Monday, Dec 9, 2013
Online Petition to Create Alerts for All Missing Children
WSIL -- The recent murder of a seven-year-old girl has sparked interest in more warnings for missing children.
Nearly two days passed from the time Willow Long of Watson was reported missing to when her body was discovered Monday evening. Crews were actively searching her hometown, but many people wondering why an Amber Alert was never issued.
The Amber Alert was one of the first questions that the Effingham County Sheriff, John Monnet, wanted to clarify during a press conference on Monday. Monnet explained that Willow's disappearance was not believed to be a kidnapping and didn't meet the criteria.
There's now a growing petition to create a new warning to cover all missing children, not just children that have been abducted.
The message on the Change.Org website is short. It asks for the Amber Alerts or another warning system to include all missing children.
That list of supporters is getting longer. More than 5,000 people had signed and shared their reasons by Friday afternoon.
You can take a look at the petition here: Willow's Warning
Sheriff Monnet detailed how many agencies from surrounding communities and counties knew that Willow Long was missing.
"Everybody is aware of Willow," said Monnet on Monday. "Her picture and what we're looking for."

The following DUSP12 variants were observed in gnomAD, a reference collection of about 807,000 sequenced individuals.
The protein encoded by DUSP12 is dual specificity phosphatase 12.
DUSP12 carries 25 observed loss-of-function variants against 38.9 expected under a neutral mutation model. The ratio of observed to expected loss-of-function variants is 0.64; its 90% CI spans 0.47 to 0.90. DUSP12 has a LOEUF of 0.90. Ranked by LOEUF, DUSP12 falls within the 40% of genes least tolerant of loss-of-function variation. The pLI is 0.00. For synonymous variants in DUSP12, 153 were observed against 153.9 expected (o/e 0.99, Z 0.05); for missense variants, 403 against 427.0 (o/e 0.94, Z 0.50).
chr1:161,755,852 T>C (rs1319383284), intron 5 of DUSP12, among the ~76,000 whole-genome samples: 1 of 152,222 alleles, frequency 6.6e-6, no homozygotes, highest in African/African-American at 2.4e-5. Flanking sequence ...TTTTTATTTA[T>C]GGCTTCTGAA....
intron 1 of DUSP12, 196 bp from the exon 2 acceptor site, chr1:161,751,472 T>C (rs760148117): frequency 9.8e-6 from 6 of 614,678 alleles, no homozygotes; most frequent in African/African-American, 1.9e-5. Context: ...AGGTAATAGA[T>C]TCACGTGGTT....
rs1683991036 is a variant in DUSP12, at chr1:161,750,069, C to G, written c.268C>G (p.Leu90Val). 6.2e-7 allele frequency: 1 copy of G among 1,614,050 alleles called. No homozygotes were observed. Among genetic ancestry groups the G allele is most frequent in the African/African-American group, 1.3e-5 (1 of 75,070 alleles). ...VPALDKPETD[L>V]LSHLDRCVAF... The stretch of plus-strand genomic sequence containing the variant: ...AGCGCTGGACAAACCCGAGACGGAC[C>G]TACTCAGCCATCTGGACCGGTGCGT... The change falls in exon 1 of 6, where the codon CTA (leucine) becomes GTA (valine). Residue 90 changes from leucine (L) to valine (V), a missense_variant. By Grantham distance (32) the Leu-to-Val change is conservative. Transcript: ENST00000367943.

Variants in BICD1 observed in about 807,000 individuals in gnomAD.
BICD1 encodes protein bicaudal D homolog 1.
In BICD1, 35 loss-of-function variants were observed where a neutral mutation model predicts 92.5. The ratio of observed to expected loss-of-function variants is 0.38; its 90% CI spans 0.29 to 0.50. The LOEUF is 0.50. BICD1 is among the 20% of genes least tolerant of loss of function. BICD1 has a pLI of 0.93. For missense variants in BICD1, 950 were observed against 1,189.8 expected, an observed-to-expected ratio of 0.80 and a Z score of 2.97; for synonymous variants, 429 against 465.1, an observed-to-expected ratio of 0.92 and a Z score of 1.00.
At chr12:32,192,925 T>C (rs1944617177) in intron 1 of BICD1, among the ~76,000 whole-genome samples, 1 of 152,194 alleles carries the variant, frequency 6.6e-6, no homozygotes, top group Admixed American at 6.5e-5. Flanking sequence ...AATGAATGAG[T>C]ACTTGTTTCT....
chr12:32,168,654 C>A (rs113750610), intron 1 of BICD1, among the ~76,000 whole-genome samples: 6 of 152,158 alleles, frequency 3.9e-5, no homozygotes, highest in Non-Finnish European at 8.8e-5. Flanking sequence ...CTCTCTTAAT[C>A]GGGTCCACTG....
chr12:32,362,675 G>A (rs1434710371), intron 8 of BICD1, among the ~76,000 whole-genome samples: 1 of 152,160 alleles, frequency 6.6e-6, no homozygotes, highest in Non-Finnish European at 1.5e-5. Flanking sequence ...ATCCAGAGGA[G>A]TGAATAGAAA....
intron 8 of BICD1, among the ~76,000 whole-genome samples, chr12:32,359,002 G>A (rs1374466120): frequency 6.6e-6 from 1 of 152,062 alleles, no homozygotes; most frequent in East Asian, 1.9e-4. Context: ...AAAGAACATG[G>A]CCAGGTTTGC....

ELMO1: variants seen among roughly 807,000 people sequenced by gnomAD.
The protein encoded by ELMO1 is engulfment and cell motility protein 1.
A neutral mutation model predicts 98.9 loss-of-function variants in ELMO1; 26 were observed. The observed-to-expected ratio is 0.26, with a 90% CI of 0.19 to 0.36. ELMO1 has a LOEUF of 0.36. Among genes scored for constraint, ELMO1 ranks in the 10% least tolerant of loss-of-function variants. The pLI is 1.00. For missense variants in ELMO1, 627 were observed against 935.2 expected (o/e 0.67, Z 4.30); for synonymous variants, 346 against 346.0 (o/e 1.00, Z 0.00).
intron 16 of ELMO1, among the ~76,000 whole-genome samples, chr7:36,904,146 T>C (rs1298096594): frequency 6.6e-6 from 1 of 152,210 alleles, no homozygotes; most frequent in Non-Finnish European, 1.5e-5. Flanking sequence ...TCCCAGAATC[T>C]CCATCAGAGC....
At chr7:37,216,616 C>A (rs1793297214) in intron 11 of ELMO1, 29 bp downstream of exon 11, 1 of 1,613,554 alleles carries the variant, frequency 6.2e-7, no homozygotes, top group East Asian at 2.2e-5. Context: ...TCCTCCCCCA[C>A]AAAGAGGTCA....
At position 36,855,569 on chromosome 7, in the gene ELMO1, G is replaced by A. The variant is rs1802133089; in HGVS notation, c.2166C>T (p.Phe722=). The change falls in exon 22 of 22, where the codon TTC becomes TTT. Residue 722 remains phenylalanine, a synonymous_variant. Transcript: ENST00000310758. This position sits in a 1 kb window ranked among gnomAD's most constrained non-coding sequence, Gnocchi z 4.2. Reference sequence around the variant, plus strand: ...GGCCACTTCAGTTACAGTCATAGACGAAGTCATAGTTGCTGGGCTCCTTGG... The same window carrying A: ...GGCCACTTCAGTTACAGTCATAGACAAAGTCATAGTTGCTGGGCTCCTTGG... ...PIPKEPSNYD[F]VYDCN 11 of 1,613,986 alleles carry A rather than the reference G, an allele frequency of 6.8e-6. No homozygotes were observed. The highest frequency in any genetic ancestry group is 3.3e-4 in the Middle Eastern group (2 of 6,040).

The state criteria for an Amber Alert includes that a child, 16 or younger, has been taken and is believed to be in danger. Authorities must also have a good description of the child and suspect that would be helped by a state broadcast.
Williamson County Deputy Brian Murrah believes the criteria for Amber Alerts are meant to keep the warnings effective.
"I think the concern of the higher level people, the organizers, is that if we overuse it, that people will just begin to ignore it," said Murrah.
If a case doesn't meet the standards, police still have options. For example, when a child wanders off, the sheriff's department can call in people or equipment for a search.
"We've got access to all the dogs in the region," said Murrah. "We've got access to helicopters in the immediate area."
Murrah has also seen smaller announcements to local media and the nearby populations work well. The department has been able to find a number of missing kids and runaways in recent years.
"The people in the area keep good track," said Murrah. "They don't hesitate to call if they know we need something."
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